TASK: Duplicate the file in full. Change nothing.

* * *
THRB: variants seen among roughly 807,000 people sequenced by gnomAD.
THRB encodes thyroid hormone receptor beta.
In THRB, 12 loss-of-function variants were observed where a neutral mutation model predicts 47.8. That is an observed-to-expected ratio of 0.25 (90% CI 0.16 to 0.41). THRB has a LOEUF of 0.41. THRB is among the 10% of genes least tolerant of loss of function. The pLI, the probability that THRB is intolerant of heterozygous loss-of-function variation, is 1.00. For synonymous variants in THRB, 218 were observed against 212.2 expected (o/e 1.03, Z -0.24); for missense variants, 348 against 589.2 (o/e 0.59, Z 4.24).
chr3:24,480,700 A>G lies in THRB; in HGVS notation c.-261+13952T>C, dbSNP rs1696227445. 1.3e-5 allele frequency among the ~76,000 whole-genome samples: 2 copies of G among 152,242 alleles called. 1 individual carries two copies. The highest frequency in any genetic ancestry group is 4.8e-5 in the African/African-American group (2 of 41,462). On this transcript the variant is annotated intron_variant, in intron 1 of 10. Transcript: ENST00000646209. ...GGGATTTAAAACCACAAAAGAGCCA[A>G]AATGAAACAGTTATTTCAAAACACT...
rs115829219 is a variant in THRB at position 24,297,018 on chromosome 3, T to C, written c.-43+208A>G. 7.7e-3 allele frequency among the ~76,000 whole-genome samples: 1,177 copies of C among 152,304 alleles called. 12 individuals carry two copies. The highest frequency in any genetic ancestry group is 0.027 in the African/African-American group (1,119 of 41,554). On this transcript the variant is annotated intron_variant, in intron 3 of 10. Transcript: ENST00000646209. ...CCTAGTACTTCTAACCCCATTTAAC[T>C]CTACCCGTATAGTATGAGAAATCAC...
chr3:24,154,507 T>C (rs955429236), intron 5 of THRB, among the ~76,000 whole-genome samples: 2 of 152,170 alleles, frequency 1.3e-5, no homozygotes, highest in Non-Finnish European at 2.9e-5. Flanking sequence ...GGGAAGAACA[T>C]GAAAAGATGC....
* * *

THRB: variants seen among roughly 807,000 people sequenced by gnomAD.
THRB encodes thyroid hormone receptor beta.
In THRB, 12 loss-of-function variants were observed where a neutral mutation model predicts 47.8. That is an observed-to-expected ratio of 0.25 (90% CI 0.16 to 0.41). THRB has a LOEUF of 0.41. THRB is among the 10% of genes least tolerant of loss of function. The pLI, the probability that THRB is intolerant of heterozygous loss-of-function variation, is 1.00. For synonymous variants in THRB, 218 were observed against 212.2 expected (o/e 1.03, Z -0.24); for missense variants, 348 against 589.2 (o/e 0.59, Z 4.24).
chr3:24,480,700 A>G lies in THRB; in HGVS notation c.-261+13952T>C, dbSNP rs1696227445. 1.3e-5 allele frequency among the ~76,000 whole-genome samples: 2 copies of G among 152,242 alleles called. 1 individual carries two copies. The highest frequency in any genetic ancestry group is 4.8e-5 in the African/African-American group (2 of 41,462). On this transcript the variant is annotated intron_variant, in intron 1 of 10. Transcript: ENST00000646209. ...GGGATTTAAAACCACAAAAGAGCCA[A>G]AATGAAACAGTTATTTCAAAACACT...
rs115829219 is a variant in THRB at position 24,297,018 on chromosome 3, T to C, written c.-43+208A>G. 7.7e-3 allele frequency among the ~76,000 whole-genome samples: 1,177 copies of C among 152,304 alleles called. 12 individuals carry two copies. The highest frequency in any genetic ancestry group is 0.027 in the African/African-American group (1,119 of 41,554). On this transcript the variant is annotated intron_variant, in intron 3 of 10. Transcript: ENST00000646209. ...CCTAGTACTTCTAACCCCATTTAAC[T>C]CTACCCGTATAGTATGAGAAATCAC...
chr3:24,154,507 T>C (rs955429236), intron 5 of THRB, among the ~76,000 whole-genome samples: 2 of 152,170 alleles, frequency 1.3e-5, no homozygotes, highest in Non-Finnish European at 2.9e-5. Flanking sequence ...GGGAAGAACA[T>C]GAAAAGATGC....